Carbon cycle NASA for Anaerobic digestion article

Money For Old Rope – An Anaerobic Digestion Article With Historic Significance


Carbon cycle NASA for Anaerobic digestion article“Money for old rope?” is an article first recorded in the Internet Archive “Wayback machine” on 16 December 2008. It is an article with historic significance to the development of the Anaerobic Digestion and Biogas Industry. It is listed in Wikipedia's Anaerobic Digestion Article as a reference article, for its high quality technical and scientific content, and is written in a way which is accessible to most readers. But beyond that, it provides a historic insight for future generations, into the context in which landfill was thought of, at the time when the anaerobic digestion process used in biogas plants was first emerging as a proven technology, able to reduce carbon emissions.
It is the combined effort of five US authors (Morton Barlaz, Amy Banister, Gary Hater, Jeffrey Chanton and Roger Green), three of whom were at the time University Professors, and weighs-in at approximately 2,400 words long.
Readers who take a general interest in global warming, and climate change issues, should find this article rewarding to read. ( link is provided below.) However, they should (in the author's opinion) bear in mind the following historical context and updated information.
[box type=”info”]We created this review and update page in order to repair a broken link in Wikipedia.  We provide a link to the current article location in order to preserve this important article reference. For copyright reasons we are unable to provide a copy of the original article here. However, we have included ALL the content provided within the article which is pertinent to the reference at . [/box]

Ref 47: Referenced Portion of “Money for old rope?” Article is Copied Below:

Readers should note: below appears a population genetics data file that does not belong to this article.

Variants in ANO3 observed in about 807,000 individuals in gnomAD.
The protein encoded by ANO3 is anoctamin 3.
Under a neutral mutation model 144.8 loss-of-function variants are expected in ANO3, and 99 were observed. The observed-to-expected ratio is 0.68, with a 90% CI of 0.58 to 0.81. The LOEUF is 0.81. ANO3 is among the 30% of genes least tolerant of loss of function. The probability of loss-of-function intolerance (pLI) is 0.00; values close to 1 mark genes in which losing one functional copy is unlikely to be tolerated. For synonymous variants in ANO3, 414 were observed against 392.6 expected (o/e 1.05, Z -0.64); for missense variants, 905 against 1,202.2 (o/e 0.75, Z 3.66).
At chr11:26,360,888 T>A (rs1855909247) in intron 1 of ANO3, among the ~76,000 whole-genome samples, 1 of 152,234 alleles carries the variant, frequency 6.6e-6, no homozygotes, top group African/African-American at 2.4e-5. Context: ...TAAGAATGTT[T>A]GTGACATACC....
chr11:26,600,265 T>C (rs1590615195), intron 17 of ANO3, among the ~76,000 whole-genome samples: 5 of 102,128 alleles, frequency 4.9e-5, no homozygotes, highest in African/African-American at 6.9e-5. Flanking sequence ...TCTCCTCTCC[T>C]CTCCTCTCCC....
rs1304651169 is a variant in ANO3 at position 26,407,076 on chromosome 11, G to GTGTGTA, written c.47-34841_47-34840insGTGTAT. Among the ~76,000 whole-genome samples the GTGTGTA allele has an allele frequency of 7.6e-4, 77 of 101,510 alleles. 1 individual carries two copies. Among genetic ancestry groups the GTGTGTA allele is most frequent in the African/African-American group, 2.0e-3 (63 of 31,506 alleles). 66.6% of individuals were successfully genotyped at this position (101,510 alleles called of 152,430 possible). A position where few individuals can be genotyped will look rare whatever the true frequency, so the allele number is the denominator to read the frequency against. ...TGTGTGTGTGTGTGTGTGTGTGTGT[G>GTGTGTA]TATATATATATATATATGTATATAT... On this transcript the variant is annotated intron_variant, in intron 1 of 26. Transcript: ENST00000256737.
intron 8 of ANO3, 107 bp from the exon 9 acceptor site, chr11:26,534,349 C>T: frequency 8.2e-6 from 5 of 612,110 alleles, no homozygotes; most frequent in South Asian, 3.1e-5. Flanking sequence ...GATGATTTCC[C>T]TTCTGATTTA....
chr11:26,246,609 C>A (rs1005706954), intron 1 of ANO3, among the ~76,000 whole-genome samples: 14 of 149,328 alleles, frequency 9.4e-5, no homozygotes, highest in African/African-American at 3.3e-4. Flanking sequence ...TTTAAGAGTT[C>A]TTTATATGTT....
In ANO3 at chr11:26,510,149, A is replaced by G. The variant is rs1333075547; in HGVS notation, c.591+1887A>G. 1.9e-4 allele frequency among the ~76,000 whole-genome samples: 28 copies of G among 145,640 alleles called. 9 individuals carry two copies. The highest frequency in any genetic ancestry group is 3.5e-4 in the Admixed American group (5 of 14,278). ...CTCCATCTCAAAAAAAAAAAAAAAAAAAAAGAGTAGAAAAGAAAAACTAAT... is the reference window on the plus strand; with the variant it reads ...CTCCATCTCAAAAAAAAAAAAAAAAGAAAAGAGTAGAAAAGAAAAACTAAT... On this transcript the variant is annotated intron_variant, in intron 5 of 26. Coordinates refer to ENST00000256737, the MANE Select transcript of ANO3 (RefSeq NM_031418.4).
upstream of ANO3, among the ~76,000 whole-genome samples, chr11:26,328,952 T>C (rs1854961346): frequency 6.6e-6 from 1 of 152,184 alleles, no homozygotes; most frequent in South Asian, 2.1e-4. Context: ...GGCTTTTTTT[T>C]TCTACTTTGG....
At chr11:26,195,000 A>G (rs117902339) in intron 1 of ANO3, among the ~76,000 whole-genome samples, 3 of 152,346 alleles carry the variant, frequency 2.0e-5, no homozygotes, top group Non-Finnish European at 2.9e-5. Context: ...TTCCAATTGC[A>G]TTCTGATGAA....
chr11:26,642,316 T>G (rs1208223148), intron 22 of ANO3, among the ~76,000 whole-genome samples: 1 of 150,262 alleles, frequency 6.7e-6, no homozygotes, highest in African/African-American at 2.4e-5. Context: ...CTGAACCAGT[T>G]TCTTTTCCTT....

To understand biodegradation, it is useful to think about the biodegradable fraction of waste. Cellulose [(C6H10O5)n] and hemicellulose [(C5H8O4)n] are the major biodegradable components of waste; the other major organic component, lignin (a structural component of wood) is largely not degradable under typical landfill conditions.

Residential waste contains 40-50% cellulose, 7-10% hemicellulose and 10-20% lignin. The cellulose, hemicellulose and lignin contents of various types of paper, food waste and yard waste …

Under anaerobic conditions, the decomposition of cellulose and hemicellulose can be described by equations (2) and (3):

(C6H10O5)n + nH2O ’ 3nCO2 + 3nCH4 (2)

(C5H8O4)n + nH2O ’ 2.5nCO2 + 2.5nCH4 (3)

Equations (2) and (3) are simplifications of a complex series of reactions involving communities of microorganisms.

[End of Ref 47.]

Historical Contextᅠ

In 2008 anaerobic digestion processing facilities were for the first time being seen as a mainstream contender for renewable energy investment, and a potential competitor with landfill for the disposal of organic materials. Since the article was written, the principle of reducing carbon disposed to landfills has moved on. This is especially true in Europe where regulations to ensure the progressive diversion of carbon away from landfills (and “Zero Waste” policy) is now well advanced. Over 10 years later, the anaerobic digestion industry is now gearing-up to take many organic wastes, including food waste, instead of their being sent to landfill.ᅠ